Byzantine chant in Russia

Very interesting but the polyphonic music is so common in slavonic and Russian countries... The only country that I heard monophonic music is in Romania, Bucharest

Very interesting you used the term "monophonic" music (whether in purpose or accidentally I am not sure! :D)

I am afraid that many chanters in Romania use simply "monophonic" music (given that most chanting books are published in double notation-psaltic and linear). Of course there exist notable exceptions.

Another issue about which some colleagues from Romania and Bulgaria are complaining about is the trend to hellenize (and oxidize as one mentioned due to the use of the "oxeia") the existing psaltic music. Some melodies are bizarre for us (eg the chanting by the Romanians of "God is with us" in mode VIII irmologic from Ga or the Great Kanon Kontakion in mode VI sticheraric by the Bulgarians); yet I doubt that the substitution of these melodies by those used in Greece will greatly improve psaltic music in these countries. On the contrary it might become a stumbling block! :mad:
...yet I doubt that the substitution of these melodies by those used in Greece will greatly improve psaltic music in these countries. On the contrary it might become a stumbling block! :mad:

Panagiotie I agree that every nation has hiw own music tradition and way to express even the original chants, those that become from Greece and Constantinople tradition. The point is if our brothers recognise the fathership of these pices of art and if they know that the greek way is more correct and closer to the ancient one... For exsample here the herubikon in 1st mode (Let God made it soft diatonic...) is completely "out of balance"!
The way Slavonic is pronounced in various countries in indeed different. I have learnt the Serbian pronunciation and my friends in Bulgaria make jokes about that (BlagOslovjen jEsi GOspodi... :D)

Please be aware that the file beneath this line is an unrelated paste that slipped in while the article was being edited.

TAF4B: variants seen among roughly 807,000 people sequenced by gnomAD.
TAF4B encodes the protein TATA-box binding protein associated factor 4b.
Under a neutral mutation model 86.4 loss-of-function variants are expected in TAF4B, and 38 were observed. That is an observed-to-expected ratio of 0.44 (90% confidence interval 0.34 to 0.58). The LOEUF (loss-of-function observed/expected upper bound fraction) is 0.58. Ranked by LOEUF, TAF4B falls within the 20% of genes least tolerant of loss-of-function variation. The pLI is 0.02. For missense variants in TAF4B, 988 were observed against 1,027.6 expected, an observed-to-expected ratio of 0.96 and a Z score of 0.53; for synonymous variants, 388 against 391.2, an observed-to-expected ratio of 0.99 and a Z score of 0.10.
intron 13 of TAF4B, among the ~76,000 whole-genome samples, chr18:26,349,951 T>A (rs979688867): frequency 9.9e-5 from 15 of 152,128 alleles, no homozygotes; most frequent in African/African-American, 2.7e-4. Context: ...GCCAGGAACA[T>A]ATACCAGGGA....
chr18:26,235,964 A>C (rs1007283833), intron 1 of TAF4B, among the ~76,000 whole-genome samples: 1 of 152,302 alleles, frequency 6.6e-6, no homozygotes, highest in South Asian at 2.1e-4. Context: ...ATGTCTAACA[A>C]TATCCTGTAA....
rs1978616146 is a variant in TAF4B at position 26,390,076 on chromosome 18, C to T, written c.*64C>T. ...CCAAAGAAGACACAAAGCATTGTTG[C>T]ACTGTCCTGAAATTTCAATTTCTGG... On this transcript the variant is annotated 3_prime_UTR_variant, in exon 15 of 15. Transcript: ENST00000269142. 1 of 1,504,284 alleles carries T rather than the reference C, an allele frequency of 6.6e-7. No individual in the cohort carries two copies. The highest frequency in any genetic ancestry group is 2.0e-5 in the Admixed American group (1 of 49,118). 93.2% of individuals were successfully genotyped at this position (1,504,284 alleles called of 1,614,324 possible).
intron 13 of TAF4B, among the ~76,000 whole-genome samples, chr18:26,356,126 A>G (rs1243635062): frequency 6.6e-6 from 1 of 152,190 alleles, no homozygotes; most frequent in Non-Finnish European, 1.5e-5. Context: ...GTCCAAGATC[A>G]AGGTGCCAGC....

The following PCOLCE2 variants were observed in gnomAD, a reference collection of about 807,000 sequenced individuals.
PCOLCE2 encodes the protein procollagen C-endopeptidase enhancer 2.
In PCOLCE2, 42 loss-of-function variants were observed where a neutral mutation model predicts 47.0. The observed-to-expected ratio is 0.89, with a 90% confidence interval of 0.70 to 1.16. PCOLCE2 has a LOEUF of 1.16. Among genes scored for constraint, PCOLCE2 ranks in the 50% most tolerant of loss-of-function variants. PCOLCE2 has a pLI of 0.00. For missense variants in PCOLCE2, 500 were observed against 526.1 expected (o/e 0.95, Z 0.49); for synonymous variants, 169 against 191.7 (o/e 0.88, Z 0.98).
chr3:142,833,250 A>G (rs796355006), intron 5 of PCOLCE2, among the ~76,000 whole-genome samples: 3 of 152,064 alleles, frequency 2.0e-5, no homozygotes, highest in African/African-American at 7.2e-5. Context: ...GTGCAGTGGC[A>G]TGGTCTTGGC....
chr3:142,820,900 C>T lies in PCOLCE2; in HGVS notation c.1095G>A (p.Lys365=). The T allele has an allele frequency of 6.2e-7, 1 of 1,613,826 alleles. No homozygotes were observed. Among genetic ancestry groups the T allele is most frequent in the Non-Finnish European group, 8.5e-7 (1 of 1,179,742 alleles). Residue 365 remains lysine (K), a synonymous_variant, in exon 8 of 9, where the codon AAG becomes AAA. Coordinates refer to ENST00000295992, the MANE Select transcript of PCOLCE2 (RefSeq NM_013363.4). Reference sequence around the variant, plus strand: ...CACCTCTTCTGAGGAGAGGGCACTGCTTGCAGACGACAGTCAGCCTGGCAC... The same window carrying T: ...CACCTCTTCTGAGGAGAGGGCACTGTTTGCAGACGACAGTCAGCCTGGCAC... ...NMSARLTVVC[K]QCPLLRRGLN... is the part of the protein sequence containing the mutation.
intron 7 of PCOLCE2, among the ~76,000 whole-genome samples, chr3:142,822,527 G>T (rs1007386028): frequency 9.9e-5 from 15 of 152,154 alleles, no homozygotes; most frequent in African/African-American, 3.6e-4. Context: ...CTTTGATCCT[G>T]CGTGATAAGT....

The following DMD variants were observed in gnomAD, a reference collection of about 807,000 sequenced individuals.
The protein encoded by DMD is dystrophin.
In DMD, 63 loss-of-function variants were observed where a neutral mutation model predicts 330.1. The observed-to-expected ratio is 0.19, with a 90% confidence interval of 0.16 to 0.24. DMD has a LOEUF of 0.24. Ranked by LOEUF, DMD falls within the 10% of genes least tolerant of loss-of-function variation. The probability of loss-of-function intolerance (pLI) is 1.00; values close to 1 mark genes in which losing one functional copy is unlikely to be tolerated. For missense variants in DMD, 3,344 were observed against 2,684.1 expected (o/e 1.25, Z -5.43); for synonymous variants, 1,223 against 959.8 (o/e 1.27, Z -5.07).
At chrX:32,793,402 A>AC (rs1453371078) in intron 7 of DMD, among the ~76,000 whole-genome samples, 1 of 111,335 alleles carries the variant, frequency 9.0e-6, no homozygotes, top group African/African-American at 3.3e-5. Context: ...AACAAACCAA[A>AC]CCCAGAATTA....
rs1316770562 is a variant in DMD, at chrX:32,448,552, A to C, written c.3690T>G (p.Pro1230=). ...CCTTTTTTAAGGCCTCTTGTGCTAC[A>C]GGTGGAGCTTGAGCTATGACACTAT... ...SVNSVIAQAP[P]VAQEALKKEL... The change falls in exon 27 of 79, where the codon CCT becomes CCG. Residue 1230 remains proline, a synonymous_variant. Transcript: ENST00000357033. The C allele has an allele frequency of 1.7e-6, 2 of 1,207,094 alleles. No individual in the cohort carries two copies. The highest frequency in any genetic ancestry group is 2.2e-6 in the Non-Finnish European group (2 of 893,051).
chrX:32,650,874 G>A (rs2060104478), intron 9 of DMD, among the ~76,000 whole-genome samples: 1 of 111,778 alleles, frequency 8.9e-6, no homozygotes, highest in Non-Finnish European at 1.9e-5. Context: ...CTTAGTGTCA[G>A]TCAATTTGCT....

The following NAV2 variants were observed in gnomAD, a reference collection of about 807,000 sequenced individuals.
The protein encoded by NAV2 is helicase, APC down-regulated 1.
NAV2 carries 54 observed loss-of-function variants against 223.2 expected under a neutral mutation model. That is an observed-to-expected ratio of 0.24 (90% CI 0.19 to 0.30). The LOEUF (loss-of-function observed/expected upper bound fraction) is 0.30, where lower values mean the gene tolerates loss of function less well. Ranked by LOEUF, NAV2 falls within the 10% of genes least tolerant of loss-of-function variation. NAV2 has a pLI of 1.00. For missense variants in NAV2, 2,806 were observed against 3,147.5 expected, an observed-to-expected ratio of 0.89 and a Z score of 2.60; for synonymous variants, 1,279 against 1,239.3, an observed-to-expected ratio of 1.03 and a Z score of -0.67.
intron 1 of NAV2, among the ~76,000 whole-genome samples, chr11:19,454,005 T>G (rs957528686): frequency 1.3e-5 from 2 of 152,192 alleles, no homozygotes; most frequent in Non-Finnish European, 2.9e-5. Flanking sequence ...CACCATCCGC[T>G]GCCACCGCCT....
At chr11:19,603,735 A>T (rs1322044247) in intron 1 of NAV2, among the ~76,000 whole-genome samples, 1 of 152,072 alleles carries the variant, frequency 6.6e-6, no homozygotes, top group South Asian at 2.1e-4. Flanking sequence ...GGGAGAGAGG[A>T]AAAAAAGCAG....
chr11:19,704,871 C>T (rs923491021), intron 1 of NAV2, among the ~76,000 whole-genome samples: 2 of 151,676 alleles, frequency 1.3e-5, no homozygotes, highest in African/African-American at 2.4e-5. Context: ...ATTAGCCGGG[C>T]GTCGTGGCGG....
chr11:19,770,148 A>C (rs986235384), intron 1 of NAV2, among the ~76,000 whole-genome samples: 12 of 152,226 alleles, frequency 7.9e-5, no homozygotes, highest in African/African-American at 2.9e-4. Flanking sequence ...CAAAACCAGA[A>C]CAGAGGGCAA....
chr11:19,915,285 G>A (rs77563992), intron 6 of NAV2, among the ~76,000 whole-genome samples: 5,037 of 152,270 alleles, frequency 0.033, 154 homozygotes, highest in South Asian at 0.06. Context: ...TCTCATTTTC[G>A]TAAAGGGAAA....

Serbian language has a system of rising (acute) and falling (gravis) accents combined with two lengths of vowels, that together make four accents - short rising, long rising, short falling and long falling. Further more, long vowels don't necessarily have to be accented which makes Serbian language & pronunciation even more complex.
The majority of other indoeuropean languages have only falling accents. Two rising accents in Serbian usually come one syllable before the "old" falling accent. Therefore, whatever you do with Serbian pronunciation while chanting, someone's ear will not be pleased. :D

Sadly the Serbs made the use of Mokranjac' s music compulsory and due to the country's ecclessiastical isolation studies in psaltic music have rather stagnated, though there are a few notable exceptions...

I think what Markellos has said about the complexity of practical use of the chant in Russia, could have been said for Serbia as well.

Throughout the history, ecclesiastical music in Serbia was not considered to be any different from "Byzantine" in general. Up until the end of 18th century, if they have used notation at all, Serbian chanters have been chanting from neumatic notation. The very last school of Byzantine music (old notation) in Serbian church has been established in 1819 in Budapest (there was a significant Serbian community at the time).

Serbian music begins to develop independently since the beginning of 19th century. The period since 1804 to 1838 was the time of continuos struggle against the Turks, and it happened at the same time with the adoption of the new method. Serbian chanters, alas, have never accepted Chrysathos notation, but have rather forgotten the old one instead.